I see your point, and fold to your apt quotation of comedy routine. However, I think it's actually a tough call. For one thing, the joke was bad, yes, but something in its very lameness could be said to be a little menacing. Like, are they on no. 999 in Best One Thousand Jewish Jokes? The very exhaustion of material hinted at in choosing such a stupid joke to tell did signal to me that this was just the ugly tip of an iceberg.

Maybe this is one for NPR's The Ethicist. It seems to me that everyone involved in the story has criticism due to him from at least two directions, but how can that be? And why is it that a bad ethnic joke somehow lets you off the hook, but a good one would be really bad? How would the story change if the old guy had said, "You know how copper wire was invented? Two Jews found the same penny." He would be worse, right, more deserving of some kind of comment. But what if he was merely quoting Don Rickles (which is, I believe, where I heard that joke) -- how would that change it?

Pete said...

I think it's important to remember that racist jokes are a symptom here, not the problem itself. Jokes like these challenge the listener to be offended as much as they denigrate the subject of the joke, if not more. Moreover, in an age when racism is still alive and well but not socially acceptable, the telling of jokes is often the only basis we have to think that someone might be breaking the ranks of this supposed (and I think silly) notion of "some of my best friend s are poles" colorblindness. That's why it is uncomfortable. It would be a bit like if the same guy insisted, vehemently, on how pretty a little girl can be. It's not what he is saying, it's what you think he's not saying. That's why I'm quite comfortable telling on off-color joke to a close friend who I know to know that I am neither a child molester, a klansman, or a detractor of poles.

So really, I think this is a matter of poor taste and hazy social boundaries more than one of racism and social crusade.

Brando said...

I agree with Pete. Maybe the guy at the end of the bar was a flaming anti-Semite. Maybe he just liked the joke. The thing I think you have to do is pick and choose your battles. In all seriousness, I think pouncing on every instance of comments that may seem biased simply empowers those comments and gives the person saying them the provocation they are looking for. Saying something (funny or not) that involves some stereotype should not always provoke the Spanish Inquisition. That joke was pretty innocuous in my opinion, and should have been allowed to die a quiet death in the hazy smoke of George's.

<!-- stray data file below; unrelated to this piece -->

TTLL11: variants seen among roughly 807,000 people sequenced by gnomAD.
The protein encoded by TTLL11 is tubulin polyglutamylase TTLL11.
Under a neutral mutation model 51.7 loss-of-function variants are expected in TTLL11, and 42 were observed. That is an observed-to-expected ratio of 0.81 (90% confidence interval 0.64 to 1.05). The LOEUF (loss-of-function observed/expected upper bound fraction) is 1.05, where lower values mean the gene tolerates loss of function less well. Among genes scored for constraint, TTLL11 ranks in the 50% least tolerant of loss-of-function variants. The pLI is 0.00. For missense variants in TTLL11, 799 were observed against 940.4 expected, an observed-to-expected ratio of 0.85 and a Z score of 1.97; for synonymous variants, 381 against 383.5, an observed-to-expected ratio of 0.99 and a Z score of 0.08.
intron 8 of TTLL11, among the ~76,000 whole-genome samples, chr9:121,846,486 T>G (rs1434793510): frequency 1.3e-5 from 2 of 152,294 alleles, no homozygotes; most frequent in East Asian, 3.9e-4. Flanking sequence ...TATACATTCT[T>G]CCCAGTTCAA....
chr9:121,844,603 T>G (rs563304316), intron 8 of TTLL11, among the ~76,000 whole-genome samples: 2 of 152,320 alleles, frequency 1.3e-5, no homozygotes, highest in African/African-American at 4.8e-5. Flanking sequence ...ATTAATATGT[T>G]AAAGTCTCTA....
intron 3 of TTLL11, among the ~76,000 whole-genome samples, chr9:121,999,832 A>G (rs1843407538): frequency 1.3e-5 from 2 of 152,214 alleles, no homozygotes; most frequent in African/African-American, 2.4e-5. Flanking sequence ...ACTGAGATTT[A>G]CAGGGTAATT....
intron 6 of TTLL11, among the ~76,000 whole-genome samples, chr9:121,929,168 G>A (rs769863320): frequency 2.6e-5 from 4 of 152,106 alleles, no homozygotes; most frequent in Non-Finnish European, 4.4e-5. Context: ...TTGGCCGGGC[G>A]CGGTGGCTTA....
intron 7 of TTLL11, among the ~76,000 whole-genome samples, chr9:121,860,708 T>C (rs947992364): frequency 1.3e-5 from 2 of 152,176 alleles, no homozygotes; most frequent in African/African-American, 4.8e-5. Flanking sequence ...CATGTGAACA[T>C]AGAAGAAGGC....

synthetic said...
This comment has been removed by a blog administrator.
Grendel said...

Synthetic, would you mind emailing me and letting me know who you are, and I can return the favor? I'd be much obliged -- you can get my email from my profile. Most everyone who regularly posts here knows who's who, and if you'd like to be included, the same should go for you, I reckon.

synthetic said...

Gee, I dunno, that sounds kind of clubby, Grendel.

Jane said...

Putting a name/face to aliases builds trust and respect. What's clubby about that?

Grendel said...

It's a collaborative blog -- a community, not an anonymous posting station. You missed the meeting five months ago. All the contributors are to be known to all of us. I don't think it's too much to ask for the identity of someone who posts so much here. (In fact, I am revising the rules in the fine print, the last thing in the right-hand column.) It's a matter of knowing who is regularly saying things on this blog that I started and that will be linked to my and other contributors' names. End of story. It's not anarchy here, nor libertarian utopia, nor commune. It's not even democracy. It's a benevolent, informal Grendelocracy. You don't like, free to get your own -ocracy. So come on, Synthetic, we don't bite, unless roused, and all the kids have done it.

synthetic said...
This comment has been removed by a blog administrator.
Grendel said...

I'm moving this thread...